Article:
Eliciting and establishing requirements for high-tech systems from various stakeholders—each with their own wildly different perceptions of the product to be built—is challenging at the best of times. When working with hardware, software and system engineers who have different roles, backgrounds, vocabularies and technical partisanships the task can be especially demanding.
We can build anything; but the problem is knowing exactly what to build. Understanding the real needs for the product—in other words getting the right requirements—is crucial if you are to avoid market misfires, expensive recalls and reworks, or even downright failure.
This is the role of requirements co-engineering—bringing together the engineers from different disciplines to ensure that they all have the same perception of the product to be built.
This workshop brings you coherent process for discovering and writing unambiguous, testable requirements for co-engineered systems. Particular attention is paid to developing a common language for defining scope, capturing requirements, allocating them, and understanding and resolving potential conflicts that come from differing perspectives.
You Will Learn How to:
Is This for Me?
Yes, if you want to build the right product. Your title is probably systems engineer, software engineer, business analyst, systems analyst, project leader, requirements engineer, product or program manager or similar. Or if you are a user or software customer and want to ensure the requirements process delivers what you need.
What will I learn? What will I be better at?
This builds a foundation for the project by ensuring the project is viable and worthwhile. Stakeholder maps help identify the sources of requirements., which then leads to the precise scope of the area or ‘work’ to be studied and a testable goal for the project.
Here we explore techniques for partitioning the work that you need to study in order to discover the product requirements. Taking into account the technical and project constraints, further partitioning strategies show the scope of the product that you intend to build.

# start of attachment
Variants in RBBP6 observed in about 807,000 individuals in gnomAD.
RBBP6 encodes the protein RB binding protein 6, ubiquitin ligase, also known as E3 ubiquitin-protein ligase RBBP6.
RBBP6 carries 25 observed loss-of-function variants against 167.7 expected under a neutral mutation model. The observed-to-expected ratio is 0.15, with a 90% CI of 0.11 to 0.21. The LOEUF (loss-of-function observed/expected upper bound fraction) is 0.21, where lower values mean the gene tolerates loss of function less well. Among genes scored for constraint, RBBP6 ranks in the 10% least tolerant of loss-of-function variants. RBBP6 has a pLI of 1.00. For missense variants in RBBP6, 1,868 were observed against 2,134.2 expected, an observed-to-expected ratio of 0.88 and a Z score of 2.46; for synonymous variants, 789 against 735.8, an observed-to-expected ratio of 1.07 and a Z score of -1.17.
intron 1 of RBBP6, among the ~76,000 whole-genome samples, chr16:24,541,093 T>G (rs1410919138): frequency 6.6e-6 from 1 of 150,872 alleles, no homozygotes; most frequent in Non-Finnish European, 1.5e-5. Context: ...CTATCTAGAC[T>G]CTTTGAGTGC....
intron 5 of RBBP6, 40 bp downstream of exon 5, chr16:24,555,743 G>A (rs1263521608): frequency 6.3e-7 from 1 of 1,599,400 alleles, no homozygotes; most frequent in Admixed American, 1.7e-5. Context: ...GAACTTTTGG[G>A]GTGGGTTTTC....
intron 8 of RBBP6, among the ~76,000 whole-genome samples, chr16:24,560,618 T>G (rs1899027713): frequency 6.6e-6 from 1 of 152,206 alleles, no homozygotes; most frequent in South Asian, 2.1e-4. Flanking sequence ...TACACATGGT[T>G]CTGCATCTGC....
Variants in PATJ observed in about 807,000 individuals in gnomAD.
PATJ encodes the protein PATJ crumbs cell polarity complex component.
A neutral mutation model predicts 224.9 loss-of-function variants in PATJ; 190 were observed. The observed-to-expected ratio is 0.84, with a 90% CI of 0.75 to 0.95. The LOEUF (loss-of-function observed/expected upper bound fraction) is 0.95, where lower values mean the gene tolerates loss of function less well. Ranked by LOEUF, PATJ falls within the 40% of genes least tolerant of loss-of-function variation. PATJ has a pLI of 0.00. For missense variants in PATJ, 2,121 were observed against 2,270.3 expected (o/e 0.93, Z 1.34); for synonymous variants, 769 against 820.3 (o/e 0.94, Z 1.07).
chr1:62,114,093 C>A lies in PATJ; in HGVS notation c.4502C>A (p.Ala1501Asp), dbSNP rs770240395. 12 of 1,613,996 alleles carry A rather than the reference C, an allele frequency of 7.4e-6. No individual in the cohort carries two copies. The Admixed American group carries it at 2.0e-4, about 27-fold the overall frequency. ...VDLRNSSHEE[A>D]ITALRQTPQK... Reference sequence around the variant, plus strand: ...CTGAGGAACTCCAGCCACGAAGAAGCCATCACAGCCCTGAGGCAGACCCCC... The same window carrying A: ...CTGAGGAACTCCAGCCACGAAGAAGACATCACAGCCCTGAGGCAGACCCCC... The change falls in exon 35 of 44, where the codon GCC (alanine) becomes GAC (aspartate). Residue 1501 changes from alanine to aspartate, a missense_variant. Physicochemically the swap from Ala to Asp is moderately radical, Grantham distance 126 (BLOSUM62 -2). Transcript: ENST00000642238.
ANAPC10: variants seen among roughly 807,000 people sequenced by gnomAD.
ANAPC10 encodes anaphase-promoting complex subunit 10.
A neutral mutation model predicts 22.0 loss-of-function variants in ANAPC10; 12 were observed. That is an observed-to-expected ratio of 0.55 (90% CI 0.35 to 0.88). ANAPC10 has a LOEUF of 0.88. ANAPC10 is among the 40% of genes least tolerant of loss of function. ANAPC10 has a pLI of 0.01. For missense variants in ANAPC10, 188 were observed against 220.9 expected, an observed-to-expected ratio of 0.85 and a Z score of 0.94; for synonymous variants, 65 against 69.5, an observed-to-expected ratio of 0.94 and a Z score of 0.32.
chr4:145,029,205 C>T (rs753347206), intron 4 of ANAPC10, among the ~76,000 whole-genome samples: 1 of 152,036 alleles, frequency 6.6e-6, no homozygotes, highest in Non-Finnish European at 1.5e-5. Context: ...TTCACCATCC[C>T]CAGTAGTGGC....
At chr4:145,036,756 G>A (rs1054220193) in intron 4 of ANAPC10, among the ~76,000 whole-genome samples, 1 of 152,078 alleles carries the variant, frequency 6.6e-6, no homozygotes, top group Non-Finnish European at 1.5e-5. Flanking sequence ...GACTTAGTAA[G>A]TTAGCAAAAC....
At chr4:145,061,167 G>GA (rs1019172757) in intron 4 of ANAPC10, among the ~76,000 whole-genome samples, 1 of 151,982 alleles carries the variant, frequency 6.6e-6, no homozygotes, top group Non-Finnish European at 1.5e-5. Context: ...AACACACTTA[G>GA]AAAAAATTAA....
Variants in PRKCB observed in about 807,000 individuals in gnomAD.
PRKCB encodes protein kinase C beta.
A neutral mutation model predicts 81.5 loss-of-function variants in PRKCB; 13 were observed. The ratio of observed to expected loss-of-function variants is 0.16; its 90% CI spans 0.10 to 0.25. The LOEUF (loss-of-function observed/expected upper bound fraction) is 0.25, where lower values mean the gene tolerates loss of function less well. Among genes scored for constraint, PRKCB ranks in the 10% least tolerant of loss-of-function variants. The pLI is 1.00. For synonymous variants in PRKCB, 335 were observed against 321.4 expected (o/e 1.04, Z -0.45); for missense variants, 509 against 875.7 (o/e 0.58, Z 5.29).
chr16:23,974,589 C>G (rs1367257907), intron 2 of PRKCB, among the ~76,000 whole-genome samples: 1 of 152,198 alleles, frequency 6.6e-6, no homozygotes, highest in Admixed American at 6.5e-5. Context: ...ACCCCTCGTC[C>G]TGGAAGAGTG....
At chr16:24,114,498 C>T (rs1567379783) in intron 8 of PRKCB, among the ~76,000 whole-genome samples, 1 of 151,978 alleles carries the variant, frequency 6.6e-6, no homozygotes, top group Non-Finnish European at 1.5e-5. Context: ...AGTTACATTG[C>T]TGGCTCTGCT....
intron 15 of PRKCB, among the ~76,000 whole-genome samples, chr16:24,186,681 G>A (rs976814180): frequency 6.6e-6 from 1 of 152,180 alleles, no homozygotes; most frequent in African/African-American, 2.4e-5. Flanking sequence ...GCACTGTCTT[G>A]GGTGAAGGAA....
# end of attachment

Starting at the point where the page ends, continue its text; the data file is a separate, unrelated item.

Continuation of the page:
At the core of any requirements process is the ability to get people to tell you what they really need, rather than their perceived solution, or what they think you might be able to deliver. We show you how to employ use case workshops, interviewing, brainstorming, and other techniques to discover exactly what your customers need—and want.
Functional requirements are those things the product must do. You discover them by understanding the real tasks to be done, and determining what part of those tasks the automated product can best carry out. We show you how to use scenarios to model the tasks, and from the scenarios, how to derive the functional requirements.
Non-functional requirements are properties the product must have, such as its performance. This section also discusses qualitative non-functional requirements, such as desired look and feel, usability, and even cultural aspects.
This section demonstrates a template to help you write requirements. We also examine management issues like traceability, prioritization and conflicting requirements.
Testing is most effective when it is done early in the development cycle. The Quality Gateway rejects out-of-scope, gold-plated, non-viable, incorrect and incomplete requirements. We show how to attach an unambiguous fit criterion to a requirement to make the requirement testable and ensure the implemented solution precisely matches the customer’s expectations.